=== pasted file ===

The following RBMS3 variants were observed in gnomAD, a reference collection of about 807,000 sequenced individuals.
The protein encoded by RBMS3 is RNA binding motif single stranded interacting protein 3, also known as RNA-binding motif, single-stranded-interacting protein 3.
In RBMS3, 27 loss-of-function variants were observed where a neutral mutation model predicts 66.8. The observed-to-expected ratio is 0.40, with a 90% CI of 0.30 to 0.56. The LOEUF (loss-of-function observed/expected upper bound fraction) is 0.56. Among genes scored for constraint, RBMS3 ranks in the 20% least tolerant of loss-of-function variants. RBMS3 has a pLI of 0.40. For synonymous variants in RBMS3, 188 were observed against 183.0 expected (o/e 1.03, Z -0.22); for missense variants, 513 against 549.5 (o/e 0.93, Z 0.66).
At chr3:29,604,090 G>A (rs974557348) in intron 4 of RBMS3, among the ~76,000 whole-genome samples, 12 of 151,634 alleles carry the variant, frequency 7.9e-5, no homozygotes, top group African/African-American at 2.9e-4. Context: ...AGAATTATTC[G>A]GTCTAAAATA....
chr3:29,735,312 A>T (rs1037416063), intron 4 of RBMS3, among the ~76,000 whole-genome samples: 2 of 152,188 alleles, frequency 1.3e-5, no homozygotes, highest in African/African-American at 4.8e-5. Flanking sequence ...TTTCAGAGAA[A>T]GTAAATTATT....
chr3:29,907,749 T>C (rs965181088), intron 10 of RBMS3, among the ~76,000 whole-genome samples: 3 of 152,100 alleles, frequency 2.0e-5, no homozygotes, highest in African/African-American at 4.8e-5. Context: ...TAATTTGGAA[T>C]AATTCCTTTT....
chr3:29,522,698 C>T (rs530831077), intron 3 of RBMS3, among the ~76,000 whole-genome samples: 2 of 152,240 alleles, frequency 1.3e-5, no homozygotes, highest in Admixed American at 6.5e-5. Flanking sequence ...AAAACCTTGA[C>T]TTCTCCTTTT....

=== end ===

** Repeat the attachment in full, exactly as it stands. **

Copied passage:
The following RBMS3 variants were observed in gnomAD, a reference collection of about 807,000 sequenced individuals.
The protein encoded by RBMS3 is RNA binding motif single stranded interacting protein 3, also known as RNA-binding motif, single-stranded-interacting protein 3.
In RBMS3, 27 loss-of-function variants were observed where a neutral mutation model predicts 66.8. The observed-to-expected ratio is 0.40, with a 90% CI of 0.30 to 0.56. The LOEUF (loss-of-function observed/expected upper bound fraction) is 0.56. Among genes scored for constraint, RBMS3 ranks in the 20% least tolerant of loss-of-function variants. RBMS3 has a pLI of 0.40. For synonymous variants in RBMS3, 188 were observed against 183.0 expected (o/e 1.03, Z -0.22); for missense variants, 513 against 549.5 (o/e 0.93, Z 0.66).
At chr3:29,604,090 G>A (rs974557348) in intron 4 of RBMS3, among the ~76,000 whole-genome samples, 12 of 151,634 alleles carry the variant, frequency 7.9e-5, no homozygotes, top group African/African-American at 2.9e-4. Context: ...AGAATTATTC[G>A]GTCTAAAATA....
chr3:29,735,312 A>T (rs1037416063), intron 4 of RBMS3, among the ~76,000 whole-genome samples: 2 of 152,188 alleles, frequency 1.3e-5, no homozygotes, highest in African/African-American at 4.8e-5. Flanking sequence ...TTTCAGAGAA[A>T]GTAAATTATT....
chr3:29,907,749 T>C (rs965181088), intron 10 of RBMS3, among the ~76,000 whole-genome samples: 3 of 152,100 alleles, frequency 2.0e-5, no homozygotes, highest in African/African-American at 4.8e-5. Context: ...TAATTTGGAA[T>C]AATTCCTTTT....
chr3:29,522,698 C>T (rs530831077), intron 3 of RBMS3, among the ~76,000 whole-genome samples: 2 of 152,240 alleles, frequency 1.3e-5, no homozygotes, highest in Admixed American at 6.5e-5. Flanking sequence ...AAAACCTTGA[C>T]TTCTCCTTTT....